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Reflections of a working writer and reader



Learning to Write XI

The use of language and the training of observation in fledgling writers can be damaged, sometimes irredeemably, by often well-meaning teachers of ‘creative-writing’.

If someone, anyone, presumes to teach you the proper use of language for your own fictions, don’t listen. Put yourself at a distance from that person. All you have as a writer is the style, the unique freshness of your own expression. While you work alone on a keyboard or with pen and paper you are developing narrative and characterization skills, you are working out your ideas and perhaps learning other abilities that will be invaluable to you later, like the ability to concentrate on the same theme or the skill to see how one word modifies, enhances or undermines, another. And at the same time you are developing an individual style which may have something in common with the writers you love to read, but which will be, essentially, unique to yourself.

In the same way you should guard your own sense of observation. During a walk through a small historic town a group of writers will observe completely different things. Some the architecture, some the spring flora sprouting between the buildings, others will only notice the local population, perhaps the men or the women, or the children or old folks. For some the location will suggest a plot for a thriller, and for others a medieval love-story will surge to the surface. All of these and many other observations are possible and all are valid.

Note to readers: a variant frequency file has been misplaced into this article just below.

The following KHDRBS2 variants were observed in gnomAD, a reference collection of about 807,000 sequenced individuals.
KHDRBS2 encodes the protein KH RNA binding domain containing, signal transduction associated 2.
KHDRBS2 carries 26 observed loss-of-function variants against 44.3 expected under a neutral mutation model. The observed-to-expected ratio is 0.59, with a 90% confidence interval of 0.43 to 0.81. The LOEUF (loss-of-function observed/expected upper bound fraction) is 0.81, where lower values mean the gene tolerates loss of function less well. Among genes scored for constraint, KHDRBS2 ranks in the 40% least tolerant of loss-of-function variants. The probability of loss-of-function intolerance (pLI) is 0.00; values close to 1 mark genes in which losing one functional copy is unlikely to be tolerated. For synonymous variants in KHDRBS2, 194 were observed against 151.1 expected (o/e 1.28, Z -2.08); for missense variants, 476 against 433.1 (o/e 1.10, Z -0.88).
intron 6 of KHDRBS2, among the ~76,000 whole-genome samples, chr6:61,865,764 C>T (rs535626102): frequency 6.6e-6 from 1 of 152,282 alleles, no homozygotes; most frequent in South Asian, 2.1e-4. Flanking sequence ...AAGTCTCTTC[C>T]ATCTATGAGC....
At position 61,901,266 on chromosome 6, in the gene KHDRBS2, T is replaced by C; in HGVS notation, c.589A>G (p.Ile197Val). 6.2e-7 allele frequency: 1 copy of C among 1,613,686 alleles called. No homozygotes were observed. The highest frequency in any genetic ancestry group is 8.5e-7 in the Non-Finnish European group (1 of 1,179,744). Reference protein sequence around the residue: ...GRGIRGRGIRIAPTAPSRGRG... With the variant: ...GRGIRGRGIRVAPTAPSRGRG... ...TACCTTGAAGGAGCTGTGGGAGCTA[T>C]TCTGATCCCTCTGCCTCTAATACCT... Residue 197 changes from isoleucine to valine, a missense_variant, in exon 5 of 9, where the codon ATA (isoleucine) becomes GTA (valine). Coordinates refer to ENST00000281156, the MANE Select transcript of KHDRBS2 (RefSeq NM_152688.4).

You should take what you need, what is useful to you as a writer. What you see and how you see it is as much a part of your originality as your use of language. Don’t let any teachers pass on their own blinkers to you, because if you do you will produce work which is an inferior copy of your teacher’s writing. Something much less valuable than the work you are actually capable of.

All writers, at some time or another, feel that they are out of step with the mainstream. But later you will come to see that those feelings were part of the process that made you into a good writer. And don’t worry if you don’t know what kind of observation you have, someone will tell you eventually. This is not something you need to work on consciously. Your readers will tell you what they read into your work.

And if you can’t wait that long, then recall, while reading certain passages in the work of your favourite authors how you say to yourself, Look at that? She sees it so clearly. I see it in exactly the same way. How is it that everyone in the world can’t see it?

3 Responses to “Learning to Write XI”

  1. AuthorStore says:

    John Baker – Learning to Write…

    John Baker continues his excellent Learning to Write series… This one means a lot to me, because it speaks to the core of what writing is really all about: you (the writer) and the story. If you write what you……

  2. Randy says:

    My daughter is a writer and seems to be in a continual state of self-doubt. She is somewhat of a perfectionist and this is a two-edged sword for her.
    She asked me yesterday if I thought she was too slow in writing. I avoided the answer for the reasons you mention in your post.

  3. Randy says:

    So true! It is the same with music. You need basic skills, obviously, but the creative process is far too personal to be put in a box and dished out like portions.